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Pediatrics in review 1997
Pediatrics in review 1997
Pediatrics in review 1997
Pediatrics in review 1997
Pediatrics in review 1997
Pediatrics in review 1997
Pediatrics in review 1997
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Pediatrics in review 1997

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  • 1. Febrile Seizures Deborah G. Hirtz Pediatrics in Review 1997;18;5 DOI: 10.1542/pir.18-1-5The online version of this article, along with updated information and services, is located on the World Wide Web at: http://pedsinreview.aappublications.org/content/18/1/5Pediatrics in Review is the official journal of the American Academy of Pediatrics. A monthlypublication, it has been published continuously since 1979. Pediatrics in Review is owned,published, and trademarked by the American Academy of Pediatrics, 141 Northwest PointBoulevard, Elk Grove Village, Illinois, 60007. Copyright © 1997 by the American Academy ofPediatrics. All rights reserved. Print ISSN: 0191-9601. Downloaded from http://pedsinreview.aappublications.org/ at Dahlgren Medical Library on January 9, 2012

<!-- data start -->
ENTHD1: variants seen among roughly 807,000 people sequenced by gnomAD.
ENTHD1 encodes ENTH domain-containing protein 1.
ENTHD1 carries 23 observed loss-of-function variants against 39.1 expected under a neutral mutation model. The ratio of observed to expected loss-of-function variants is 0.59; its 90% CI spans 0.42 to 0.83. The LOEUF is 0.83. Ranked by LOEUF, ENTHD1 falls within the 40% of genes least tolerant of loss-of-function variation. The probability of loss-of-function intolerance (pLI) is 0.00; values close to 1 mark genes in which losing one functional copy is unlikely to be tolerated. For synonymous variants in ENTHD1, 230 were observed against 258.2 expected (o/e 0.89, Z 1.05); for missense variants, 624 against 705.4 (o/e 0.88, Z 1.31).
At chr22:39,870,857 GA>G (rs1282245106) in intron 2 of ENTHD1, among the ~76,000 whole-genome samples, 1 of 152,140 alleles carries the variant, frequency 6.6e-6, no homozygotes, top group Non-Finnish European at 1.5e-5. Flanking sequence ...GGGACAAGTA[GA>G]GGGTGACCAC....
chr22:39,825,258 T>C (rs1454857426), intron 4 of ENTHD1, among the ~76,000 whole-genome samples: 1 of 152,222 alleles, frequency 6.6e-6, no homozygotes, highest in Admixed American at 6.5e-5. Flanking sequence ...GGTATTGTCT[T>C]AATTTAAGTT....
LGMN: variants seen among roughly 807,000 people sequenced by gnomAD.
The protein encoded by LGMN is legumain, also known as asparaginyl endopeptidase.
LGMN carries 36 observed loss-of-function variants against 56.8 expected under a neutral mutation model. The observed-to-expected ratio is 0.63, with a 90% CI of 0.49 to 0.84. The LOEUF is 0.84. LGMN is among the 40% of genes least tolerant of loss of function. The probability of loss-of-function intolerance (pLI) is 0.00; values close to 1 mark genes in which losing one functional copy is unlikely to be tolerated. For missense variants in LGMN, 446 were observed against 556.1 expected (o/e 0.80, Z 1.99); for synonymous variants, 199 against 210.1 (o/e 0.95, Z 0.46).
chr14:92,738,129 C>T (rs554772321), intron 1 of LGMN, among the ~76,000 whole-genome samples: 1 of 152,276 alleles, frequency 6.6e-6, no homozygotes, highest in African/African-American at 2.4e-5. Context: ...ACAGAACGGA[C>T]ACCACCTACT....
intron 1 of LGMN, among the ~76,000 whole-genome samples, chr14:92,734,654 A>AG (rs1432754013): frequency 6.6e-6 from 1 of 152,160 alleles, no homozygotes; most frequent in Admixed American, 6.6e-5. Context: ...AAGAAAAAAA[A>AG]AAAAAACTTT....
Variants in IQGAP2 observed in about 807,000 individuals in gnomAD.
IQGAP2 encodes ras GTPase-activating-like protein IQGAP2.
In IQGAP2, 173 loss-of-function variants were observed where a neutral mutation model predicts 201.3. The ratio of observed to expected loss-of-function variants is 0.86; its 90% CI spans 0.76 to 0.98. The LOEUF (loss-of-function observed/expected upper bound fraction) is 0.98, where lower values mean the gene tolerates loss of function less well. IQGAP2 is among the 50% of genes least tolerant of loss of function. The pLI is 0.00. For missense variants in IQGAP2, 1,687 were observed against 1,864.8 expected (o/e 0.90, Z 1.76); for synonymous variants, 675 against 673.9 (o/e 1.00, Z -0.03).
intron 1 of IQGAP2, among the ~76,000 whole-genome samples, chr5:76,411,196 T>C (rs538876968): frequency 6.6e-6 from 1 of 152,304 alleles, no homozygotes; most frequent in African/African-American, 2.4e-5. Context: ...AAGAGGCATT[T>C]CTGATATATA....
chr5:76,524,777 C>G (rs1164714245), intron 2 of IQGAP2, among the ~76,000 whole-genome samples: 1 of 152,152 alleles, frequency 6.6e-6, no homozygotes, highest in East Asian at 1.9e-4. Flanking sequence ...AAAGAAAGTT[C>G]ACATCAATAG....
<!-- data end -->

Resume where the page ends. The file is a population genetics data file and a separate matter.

• 2. ARTICLEFebrile SeizuresDeborah G. Hirtz, MD* a similar study in which both febrile IMPORTANT POINTS and afebrile control children were 1. Most children who have febrile seizures do very well, and the risk of examined, a family history of febrile epilepsy is low. seizures, neonatal discharge 28 days 2. The earlier the age at which the first febrile convulsion occurs, the or later, parental report of slow more likely are recurrences. development, and child care atten- 3. Diagnostic laboratory tests never should be routine. Neuroimaging dance were risk factors for febrile rarely is indicated. seizures (Table 1). Another recent 4. Meningitis always should be ruled out, either clinically or by lumbar study found a correlation between puncture if indicated. low serum sodium levels and risk 5. Treatment has not been shown to reduce the risk of later epilepsy and carries a risk of side effects. for developing febrile convulsions. RECURRENCEDefinition are used because it has become clear After the first febrile seizure,Febrile seizures are the most com- through prospective epidemiologic approximately 33% of children willmon convulsive disorder in young studies that there is not nearly as experience one or more recurrences,children. As defined in a 1980 great a risk for development of and about 9% of children who haveNational Institutes of Health consen- epilepsy or recurrent afebrile febrile seizures will have three orsus conference, a febrile seizure is: seizures as had been attributed by more. The younger the child when Livingston to the seizures he called the first febrile seizure occurs, the “An event in infancy or early child- “epilepsy triggered by fever”. greater the likelihood of recurrence. hood, usually occurring between More recently, febrile seizures three months and five years of age, Most recurrences (75%) happen have been divided into two sub- within 1 year. A recent study has associated with fever but without groups: simple febrile seizures, shown an increased risk of recur- evidence of intracranial infection or defined cause. Seizures with fever which last fewer than 15 minutes rence to be associated with a shorter in children who have suffered a and are generalized, and complex duration of fever before the initial previous nonfebrile seizure are febrile seizures, which are pro- febrile seizure and a lower tempera- excluded. Febrile seizures are to longed, multiple within 24 hours, or ture. Family history of febrile be distinguished from epilepsy, focal. Children in either of these sub- seizures is another reported risk fac- which is characterized by recurrent groups may have a pre-existing neu- tor for recurrence. A family history nonfebrile seizures.” rologic abnormality or a family his- of afebrile seizures has beenThis definition excludes seizures tory of febrile or afebrile seizures. reported as a risk factor for recur-that accompany neurologic illnesses, rence in some studies, but not insuch as meningitis, encephalitis, or Epidemiology others. “Complex” febrile convul-toxic encephalopathy. Seizures in Febrile seizures occur in approxi- sions are not more likely to be fol-these instances do not carry the mately 2% to 4% of young children lowed by recurrences. Young age ofsame prognosis as febrile seizures in the United States, South America, onset and a family history of febrilebecause the underlying illness may and Western Europe. They are convulsions are the strongest andaffect the central nervous system. reported to be even more common most consistent predictors of recur- Febrile seizures have been dis- in Asian countries. Several large rence (Table 2).cussed in the medical literature since prospective studies have determinedthe time of Hippocrates, but it was that in approximately 20% of cases, EPILEPSYnot until the middle of the present the first febrile seizure was complex Although it has been reported thatcentury that they were recognized as (ie, lasted more than 15 minutes, febrile seizures preceded 15% ofa separate syndrome distinct from was focal, or involved at least twoepilepsy. An early classification pro- seizures within 24 hours). The mostposed by Livingston divided them common age of onset is in the sec-into “simple febrile seizures” and ond year of life. Febrile seizures are TABLE 1. Risk Factors“epilepsy triggered by fever.” He slightly more common in males. for a First Febrile Seizureincluded in the latter definitionfebrile seizures that were prolonged RISK FACTORS FOR A FIRST • Family history of febrile seizuresor focal or that occurred in a child FEBRILE SEIZURE • Neonatal discharge ≥28 dayswho has a family history of In studies comparing children who • Delayed developmentepilepsy. These definitions no longer have febrile seizures with febrile • Child care attendance controls, a higher temperature was a • Low serum sodium*Developmental Neurology Branch, National risk factor for the development of a • Very high feverInstitute of Neurological Disorders and febrile seizure, as was a history ofStroke, Bethesda, MD. febrile seizures in a close relative. InPediatrics in Review Vol. 18 No. 1 January 1997 5 Downloaded from http://pedsinreview.aappublications.org/ at Dahlgren Medical Library on January 9, 2012